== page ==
Leptomeningeal carcinomatosis (LC) is an uncommon complication of cancer in which the disease metastasizes to the meninges; it is estimated that this occurs in 5% of cancer patients and is most often terminal. LC has a median survival time of approximately 15.7 weeks [Leal et al., Curr Cancer Ther Rev. 2011;7(4):319-27]. Furthermore, metastasis from the prostate is exceptionally rare with only a few cases described in medical literature. Until recently, leptomeningeal disruption was very rare and cerebral involvement was irrelevant [Bubendorf et al., Hum Pathol. 2000;31(5):578-83; Schaller et al., Br J Cancer. 2000;77(12):2386-9]. With improved imaging, diagnostic modalities, and treatment with therapies that do not cross the blood-brain barrier, the incidence of LC has been on the rise [Batool and Kasi, StatPearls, https://www.ncbi.nlm.nih.gov/books/NBK499862/]. Diagnosis previously relied on biopsy, supported by lumbar puncture findings. We submit a case demonstrating progressive and consistent evidence of LC found on imaging, justifying its acceptance as a diagnostic modality.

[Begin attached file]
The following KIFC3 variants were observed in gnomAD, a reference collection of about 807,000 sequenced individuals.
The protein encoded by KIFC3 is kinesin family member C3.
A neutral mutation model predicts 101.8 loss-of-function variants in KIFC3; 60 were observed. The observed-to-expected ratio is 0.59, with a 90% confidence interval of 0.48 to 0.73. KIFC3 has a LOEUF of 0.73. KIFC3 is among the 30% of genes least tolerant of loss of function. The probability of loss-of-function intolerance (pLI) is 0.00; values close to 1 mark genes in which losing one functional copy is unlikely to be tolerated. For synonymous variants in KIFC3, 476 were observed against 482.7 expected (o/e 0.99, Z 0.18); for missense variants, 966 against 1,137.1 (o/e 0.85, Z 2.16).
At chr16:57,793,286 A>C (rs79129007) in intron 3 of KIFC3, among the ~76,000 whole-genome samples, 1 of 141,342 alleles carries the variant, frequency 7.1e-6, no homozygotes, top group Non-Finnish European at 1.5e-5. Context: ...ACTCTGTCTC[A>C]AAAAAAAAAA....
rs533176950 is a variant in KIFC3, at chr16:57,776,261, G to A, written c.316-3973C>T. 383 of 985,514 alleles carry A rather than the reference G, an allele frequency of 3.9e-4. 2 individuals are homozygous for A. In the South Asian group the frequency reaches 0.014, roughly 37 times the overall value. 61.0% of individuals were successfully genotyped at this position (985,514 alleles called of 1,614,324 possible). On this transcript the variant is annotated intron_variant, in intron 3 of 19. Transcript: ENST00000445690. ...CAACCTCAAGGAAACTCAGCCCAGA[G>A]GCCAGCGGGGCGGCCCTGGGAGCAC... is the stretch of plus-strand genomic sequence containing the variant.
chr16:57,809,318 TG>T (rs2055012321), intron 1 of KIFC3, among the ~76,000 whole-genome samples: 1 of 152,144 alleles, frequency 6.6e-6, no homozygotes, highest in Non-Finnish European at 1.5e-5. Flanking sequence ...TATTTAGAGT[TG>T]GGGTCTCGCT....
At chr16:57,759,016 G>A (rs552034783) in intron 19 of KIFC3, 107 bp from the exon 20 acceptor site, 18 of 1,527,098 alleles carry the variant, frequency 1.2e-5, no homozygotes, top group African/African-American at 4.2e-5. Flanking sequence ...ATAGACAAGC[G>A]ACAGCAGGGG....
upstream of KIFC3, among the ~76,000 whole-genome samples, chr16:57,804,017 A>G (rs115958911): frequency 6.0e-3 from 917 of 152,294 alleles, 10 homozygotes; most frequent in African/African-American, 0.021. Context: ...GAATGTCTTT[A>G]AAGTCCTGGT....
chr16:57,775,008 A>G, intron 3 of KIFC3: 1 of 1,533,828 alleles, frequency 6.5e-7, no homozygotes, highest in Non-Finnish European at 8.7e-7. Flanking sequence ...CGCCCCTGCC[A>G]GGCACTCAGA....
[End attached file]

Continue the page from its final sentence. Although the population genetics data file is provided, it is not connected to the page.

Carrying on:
Keywords: Leptomeningeal carcinomatosis; Lumbar puncture; Prostate cancer metastasis.
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